Future bleak for ’Net bets

Oct 1, 2002 4:57 AM

Internet gaming may be sailing toward long-term success, but a top regulator warned that Washington politicians are allowing the U.S. to miss the boat.

"People are going to bet on the Internet, while Congress likes it or not," said Frank Catania, president of Catania Consulting Group during last week’s G2E conferences at the Las Vegas Convention Center.

"Politicians need to protect the players instead of arresting them," Catania said. "Internet gaming can’t be stopped. Great Britain understands that and they are going to be way ahead of us in that area. The Isle of Man agreement is proof."

Tobin Prior, chief executive officer of Sun International Hotels, called on-line gaming "a dynamic environment that has seen the days of opportunism come to an end."

Prior, who allowed his South Africa-based company to become one of the early pioneers into worldwide Internet gaming, noted that those who enter into the business have to be committed for the long-haul.

"This isn’t an easy industry, particularly to regulate," Prior said. "However, there is a lot of potential. With more major companies deciding to enter the picture, it will be much tougher for the small names to compete."

Michael Martinez, vice president of marketing at WagerWorks, has seen the San Francisco-based company provide on-line opportunities around the globe for the Hard Rock and MGM-MIRAGE.

"There is great developing going on, especially in England," Martinez said. "This isn’t a bricks and mortars business anymore. "Steve Wynn is developing projects in Macao. Asia is gaining a lot of interest. Even SEGA has the opportunity to hold global tournaments through the Internet."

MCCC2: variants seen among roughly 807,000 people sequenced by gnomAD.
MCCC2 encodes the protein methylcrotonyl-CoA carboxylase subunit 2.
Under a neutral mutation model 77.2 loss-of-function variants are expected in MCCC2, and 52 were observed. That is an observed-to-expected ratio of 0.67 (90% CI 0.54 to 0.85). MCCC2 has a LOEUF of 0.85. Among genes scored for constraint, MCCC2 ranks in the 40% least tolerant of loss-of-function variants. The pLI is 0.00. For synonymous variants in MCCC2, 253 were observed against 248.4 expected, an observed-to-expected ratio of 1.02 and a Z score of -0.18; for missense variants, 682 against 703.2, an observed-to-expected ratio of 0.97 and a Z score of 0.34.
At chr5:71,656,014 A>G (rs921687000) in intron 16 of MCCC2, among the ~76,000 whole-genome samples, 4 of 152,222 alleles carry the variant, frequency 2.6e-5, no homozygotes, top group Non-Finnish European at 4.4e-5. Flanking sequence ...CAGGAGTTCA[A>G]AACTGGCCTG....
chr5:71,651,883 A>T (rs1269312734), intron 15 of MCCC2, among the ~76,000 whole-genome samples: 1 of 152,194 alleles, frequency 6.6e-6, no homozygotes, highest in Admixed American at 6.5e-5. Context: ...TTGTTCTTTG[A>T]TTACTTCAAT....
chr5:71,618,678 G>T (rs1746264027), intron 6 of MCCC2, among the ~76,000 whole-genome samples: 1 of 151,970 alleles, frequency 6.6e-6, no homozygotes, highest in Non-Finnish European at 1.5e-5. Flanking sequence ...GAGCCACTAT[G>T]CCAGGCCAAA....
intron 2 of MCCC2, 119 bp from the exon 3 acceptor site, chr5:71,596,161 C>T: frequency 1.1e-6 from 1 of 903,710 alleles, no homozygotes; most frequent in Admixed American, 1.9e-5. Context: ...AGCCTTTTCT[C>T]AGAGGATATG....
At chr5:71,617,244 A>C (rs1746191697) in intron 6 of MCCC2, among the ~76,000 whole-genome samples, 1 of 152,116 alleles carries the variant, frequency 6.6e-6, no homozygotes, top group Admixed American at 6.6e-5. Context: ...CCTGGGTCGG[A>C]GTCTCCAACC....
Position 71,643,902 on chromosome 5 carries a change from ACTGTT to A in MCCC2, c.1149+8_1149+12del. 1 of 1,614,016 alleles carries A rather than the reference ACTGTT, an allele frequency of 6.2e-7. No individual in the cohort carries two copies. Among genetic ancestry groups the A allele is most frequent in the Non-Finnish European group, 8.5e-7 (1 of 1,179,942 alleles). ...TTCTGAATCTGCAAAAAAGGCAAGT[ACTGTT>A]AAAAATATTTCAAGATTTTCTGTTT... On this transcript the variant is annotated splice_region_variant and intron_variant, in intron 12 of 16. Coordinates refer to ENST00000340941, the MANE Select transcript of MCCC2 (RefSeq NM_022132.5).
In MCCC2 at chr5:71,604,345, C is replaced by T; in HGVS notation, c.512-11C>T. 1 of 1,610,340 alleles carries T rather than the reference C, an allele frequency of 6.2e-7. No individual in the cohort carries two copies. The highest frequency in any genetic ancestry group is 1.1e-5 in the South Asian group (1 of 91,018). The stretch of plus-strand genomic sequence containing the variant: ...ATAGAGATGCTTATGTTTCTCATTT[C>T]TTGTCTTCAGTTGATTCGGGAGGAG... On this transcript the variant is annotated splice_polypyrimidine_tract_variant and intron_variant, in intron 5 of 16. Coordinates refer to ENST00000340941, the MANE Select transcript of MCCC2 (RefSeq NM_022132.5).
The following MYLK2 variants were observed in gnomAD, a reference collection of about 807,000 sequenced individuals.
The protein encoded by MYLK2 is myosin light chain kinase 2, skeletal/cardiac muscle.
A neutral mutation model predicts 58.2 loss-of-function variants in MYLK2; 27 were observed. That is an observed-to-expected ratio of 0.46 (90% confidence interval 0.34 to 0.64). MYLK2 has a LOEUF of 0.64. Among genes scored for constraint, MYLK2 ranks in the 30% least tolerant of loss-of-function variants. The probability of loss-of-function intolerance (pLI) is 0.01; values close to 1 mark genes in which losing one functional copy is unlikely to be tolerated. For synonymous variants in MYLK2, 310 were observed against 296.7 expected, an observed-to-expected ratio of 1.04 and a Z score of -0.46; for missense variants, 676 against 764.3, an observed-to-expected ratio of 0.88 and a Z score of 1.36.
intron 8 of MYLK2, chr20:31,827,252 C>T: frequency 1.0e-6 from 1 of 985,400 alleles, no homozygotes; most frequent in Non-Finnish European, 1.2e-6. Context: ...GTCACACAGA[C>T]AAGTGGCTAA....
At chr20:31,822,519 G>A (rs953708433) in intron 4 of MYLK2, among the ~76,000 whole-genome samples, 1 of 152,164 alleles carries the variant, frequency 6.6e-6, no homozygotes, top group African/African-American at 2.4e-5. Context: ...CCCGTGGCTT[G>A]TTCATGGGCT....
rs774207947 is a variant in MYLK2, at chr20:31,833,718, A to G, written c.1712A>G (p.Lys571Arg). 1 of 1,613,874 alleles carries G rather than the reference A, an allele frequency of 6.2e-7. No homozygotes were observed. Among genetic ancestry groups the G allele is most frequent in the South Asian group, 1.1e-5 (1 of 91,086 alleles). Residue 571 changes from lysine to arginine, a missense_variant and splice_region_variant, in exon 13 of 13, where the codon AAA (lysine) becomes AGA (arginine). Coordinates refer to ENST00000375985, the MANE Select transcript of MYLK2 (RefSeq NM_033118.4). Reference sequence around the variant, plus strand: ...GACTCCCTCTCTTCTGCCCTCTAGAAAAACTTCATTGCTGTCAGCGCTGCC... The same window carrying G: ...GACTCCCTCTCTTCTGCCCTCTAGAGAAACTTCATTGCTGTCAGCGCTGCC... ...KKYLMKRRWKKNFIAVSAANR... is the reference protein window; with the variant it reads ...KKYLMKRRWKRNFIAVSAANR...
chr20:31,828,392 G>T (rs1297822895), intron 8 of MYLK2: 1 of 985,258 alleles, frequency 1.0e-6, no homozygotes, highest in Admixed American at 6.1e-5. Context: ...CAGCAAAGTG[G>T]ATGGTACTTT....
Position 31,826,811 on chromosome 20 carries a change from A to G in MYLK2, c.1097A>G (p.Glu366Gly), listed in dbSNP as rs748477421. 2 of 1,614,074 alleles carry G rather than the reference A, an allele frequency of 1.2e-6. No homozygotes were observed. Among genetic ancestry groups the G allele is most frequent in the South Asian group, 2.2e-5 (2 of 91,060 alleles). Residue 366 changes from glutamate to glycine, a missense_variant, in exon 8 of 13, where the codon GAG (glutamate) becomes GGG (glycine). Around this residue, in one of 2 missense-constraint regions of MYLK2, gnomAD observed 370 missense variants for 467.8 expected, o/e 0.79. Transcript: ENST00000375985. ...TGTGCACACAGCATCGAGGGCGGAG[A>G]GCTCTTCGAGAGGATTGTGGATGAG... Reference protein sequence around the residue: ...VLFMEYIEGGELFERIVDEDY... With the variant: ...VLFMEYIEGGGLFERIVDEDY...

On-line casino games are legal in the U.S., provided no money is transacted.

"Americans can play for free," Tobin said. "We exclude places like the U.S., Japan and Germany from betting on our gaming site. It costs us a great deal of projected revenue but we believe in regulating the industry. That’s a hard thing to do right now."

Catania said it’s inevitable that major casino resorts in Las Vegas expand into the Internet.

"Land-based casinos have to be involved," he said.

"Now, names are being established. The lines of communication need to be kept open. I think regulators have done a good job making the companies toe the line. You don’t see company CEO’s taking the money in our industry."

As for next year, Catania predicted little will change.

"We’ll be back here talking about the same things," he said. "Washington won’t change. Frank Fahrenkopf (American Gaming Association president) is right. The U.S. is full of puritans."